Under the circumstances of applying the combinatory method, this paper assumes that overlapping and crashing is independent and does not consider the mutual influence. Table 3 shows the optimization result of the combinatory method. Table 3 shows the duration after crashing and resources requirement of each activity. Table 4 shows the exact overlap rates of each activity pair. Compared to Table 2, overlap rates are apparently lowered, inducing less rework and effect on total cost. The duration after optimization is 52.7 days with the total cost of 150,562 dollars. It is obvious that applying overlapping and crashing comprehensively can shorten the duration to a large extent if necessary, and the total cost will be lower than using crashing method only.


4.2. Discussion
The preceding sections clearly demonstrate a systematic schedule optimization strategy that can obtain a tradeoff between reduction in project completion duration and increase of cost. As the obtained result reveals, the rework probability and rework duration increase as the sensitivity to change in upstream activities increases, which is consistent with the hypothesis of Bogus et al. [12] and Blacud et al. [11]. The evolution rate of upstream activities and the sensitivity of downstream activities are incorporated in the case to identify the accuracy of early estimated information and the rework probability. The construction activities with slow evolution rate and high sensitivity should be assigned with less overlap rates to eliminate unnecessary rework.
Finally, the proposed model based on hybridized algorithms provides an optimized approach to formulate a detailed construction schedule within the required contract duration. The project manager is given the optimization model, duration and dependency information, activity attributes, and the overlap constraints to make the schedule for the construction project case. And, when the contractor has an extremely strict requirement on project duration, the scheduler can apply overlapping and crashing comprehensively to utilize the advantage of each method to the largest extent. Then, the result of first optimization can be integrated with 4D BIM platform to simulate the schedule with visualization function. This kind of integration makes it more intuitional and dynamic to observe the implementation of optimized schedule. The practitioners can analyze the correlation between components and activities, especially those complicated processes, to make the theoretical schedule coincide more with the practical conditions in projects. The second optimization step ensures the rationality and practicality of the optimal schedule. Taking the construction joint and settlement joint as an example, according to the experiences, the influence and propagation of cross construction between these two processes are great due to the complexity of operation and large number of embedded parts. Therefore, after observing this condition in the BIM model, the practitioners can adjust the overlap rate between these two activities in the input parameters and obtain an updated schedule with exact overlap rates. After second optimization, the schedule can be implemented and onsite data can be tracked and updated in real time, finally realizing dynamic control of schedule.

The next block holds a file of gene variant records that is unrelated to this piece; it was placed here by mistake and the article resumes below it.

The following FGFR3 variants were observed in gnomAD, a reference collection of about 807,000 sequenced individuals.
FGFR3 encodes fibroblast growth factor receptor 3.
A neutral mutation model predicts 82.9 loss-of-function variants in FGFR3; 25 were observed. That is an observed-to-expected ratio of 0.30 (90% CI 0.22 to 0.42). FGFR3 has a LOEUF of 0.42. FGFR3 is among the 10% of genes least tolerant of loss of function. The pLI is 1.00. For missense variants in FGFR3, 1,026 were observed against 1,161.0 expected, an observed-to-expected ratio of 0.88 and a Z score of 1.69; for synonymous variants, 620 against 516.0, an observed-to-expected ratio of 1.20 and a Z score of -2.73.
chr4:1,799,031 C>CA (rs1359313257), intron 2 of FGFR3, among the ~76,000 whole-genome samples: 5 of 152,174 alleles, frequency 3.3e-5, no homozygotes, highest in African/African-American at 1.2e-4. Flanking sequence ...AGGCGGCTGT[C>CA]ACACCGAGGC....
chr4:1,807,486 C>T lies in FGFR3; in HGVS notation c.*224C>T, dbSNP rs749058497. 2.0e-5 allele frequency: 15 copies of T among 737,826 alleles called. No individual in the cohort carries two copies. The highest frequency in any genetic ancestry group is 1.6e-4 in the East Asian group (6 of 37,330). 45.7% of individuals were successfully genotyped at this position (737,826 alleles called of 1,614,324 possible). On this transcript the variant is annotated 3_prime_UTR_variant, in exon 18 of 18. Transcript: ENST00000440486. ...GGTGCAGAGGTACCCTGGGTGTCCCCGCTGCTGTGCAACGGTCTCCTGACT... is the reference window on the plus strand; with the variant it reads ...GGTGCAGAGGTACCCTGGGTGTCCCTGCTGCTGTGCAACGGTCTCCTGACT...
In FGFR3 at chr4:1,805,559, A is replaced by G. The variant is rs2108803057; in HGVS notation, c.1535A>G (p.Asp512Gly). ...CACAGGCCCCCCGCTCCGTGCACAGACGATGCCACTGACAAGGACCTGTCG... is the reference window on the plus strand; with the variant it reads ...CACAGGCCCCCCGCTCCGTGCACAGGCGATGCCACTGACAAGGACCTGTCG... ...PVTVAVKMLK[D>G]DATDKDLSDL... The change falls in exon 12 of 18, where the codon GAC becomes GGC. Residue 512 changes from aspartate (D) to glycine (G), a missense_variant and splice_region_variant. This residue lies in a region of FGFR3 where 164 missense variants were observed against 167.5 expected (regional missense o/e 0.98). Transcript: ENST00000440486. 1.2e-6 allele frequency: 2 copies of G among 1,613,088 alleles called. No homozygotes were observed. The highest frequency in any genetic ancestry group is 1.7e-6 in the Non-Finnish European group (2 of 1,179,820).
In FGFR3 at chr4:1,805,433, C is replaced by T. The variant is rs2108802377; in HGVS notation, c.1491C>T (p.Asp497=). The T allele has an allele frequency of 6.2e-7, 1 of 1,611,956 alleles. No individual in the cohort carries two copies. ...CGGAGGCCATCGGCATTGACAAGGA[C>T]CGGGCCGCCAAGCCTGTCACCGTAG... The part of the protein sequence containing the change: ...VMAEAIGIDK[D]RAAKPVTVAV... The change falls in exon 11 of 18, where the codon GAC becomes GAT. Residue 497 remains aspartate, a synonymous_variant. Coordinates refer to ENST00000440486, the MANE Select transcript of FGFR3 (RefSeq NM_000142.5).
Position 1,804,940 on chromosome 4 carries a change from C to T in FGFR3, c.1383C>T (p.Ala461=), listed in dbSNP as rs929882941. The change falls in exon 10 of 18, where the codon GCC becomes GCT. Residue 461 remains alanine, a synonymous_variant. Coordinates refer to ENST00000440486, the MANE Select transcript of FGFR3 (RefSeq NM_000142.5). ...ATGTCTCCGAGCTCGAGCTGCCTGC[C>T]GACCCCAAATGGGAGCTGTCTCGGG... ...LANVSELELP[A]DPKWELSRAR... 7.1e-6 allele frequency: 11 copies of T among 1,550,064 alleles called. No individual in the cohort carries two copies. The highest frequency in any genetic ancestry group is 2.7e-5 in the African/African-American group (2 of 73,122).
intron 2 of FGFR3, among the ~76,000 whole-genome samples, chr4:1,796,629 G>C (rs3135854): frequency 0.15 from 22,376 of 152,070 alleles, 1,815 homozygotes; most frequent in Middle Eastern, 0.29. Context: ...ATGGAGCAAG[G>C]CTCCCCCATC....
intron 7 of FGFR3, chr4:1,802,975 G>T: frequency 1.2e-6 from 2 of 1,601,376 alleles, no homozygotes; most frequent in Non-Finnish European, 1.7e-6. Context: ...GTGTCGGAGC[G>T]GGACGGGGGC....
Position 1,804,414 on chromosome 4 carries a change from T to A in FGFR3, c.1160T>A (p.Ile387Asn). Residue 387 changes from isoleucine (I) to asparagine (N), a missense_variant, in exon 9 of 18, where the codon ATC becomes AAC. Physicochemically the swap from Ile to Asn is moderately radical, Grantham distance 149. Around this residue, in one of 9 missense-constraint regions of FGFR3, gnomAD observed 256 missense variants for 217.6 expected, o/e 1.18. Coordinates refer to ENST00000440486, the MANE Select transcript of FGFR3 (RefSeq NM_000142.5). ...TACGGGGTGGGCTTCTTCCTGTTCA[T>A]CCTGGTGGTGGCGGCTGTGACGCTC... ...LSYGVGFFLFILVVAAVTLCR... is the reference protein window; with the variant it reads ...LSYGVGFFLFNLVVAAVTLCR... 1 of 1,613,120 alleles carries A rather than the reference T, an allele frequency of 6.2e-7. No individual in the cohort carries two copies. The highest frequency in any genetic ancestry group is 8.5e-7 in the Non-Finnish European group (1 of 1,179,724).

Through all these phases and activities, this research finally creates a virtuous cycle in which researchers can achieve a satisfactory result and improve the optimization tool at the same time.
5. Conclusion
This paper presents a synthesized method that determines the optimal schedule with a set of exact overlap rates between coupled activities in the schedule network and exact crashing level. It considers the effect of evolution rate and sensitivity of activities on the rework probability and analyses the timecost tradeoff using a hybridized algorithm. A mathematical formula capable of outputting the optimal overlapping strategy with total duration, cost, and exact overlap rates enumerative is further presented. Then, the combination with crashing and the corresponding time and cost functions are given. Given this optimization model, the project manager can make a better construction schedule precisely without exceeding the required contract duration. Besides, in the process of schedule compression, the project manager can also compare the cost and duration of different plans under various project conditions like schedule information, activity attributes, and contract requirements. For the contribution to exact calculation in compressed scheduling under project constraints involved in budget and time, this research advances the knowledge system relative to exact activity overlapping and crashing in the field of construction scheduling, thus also contributing a little to the construction industry. And, the integration with 4D BIM provides a new idea and research direction for future work.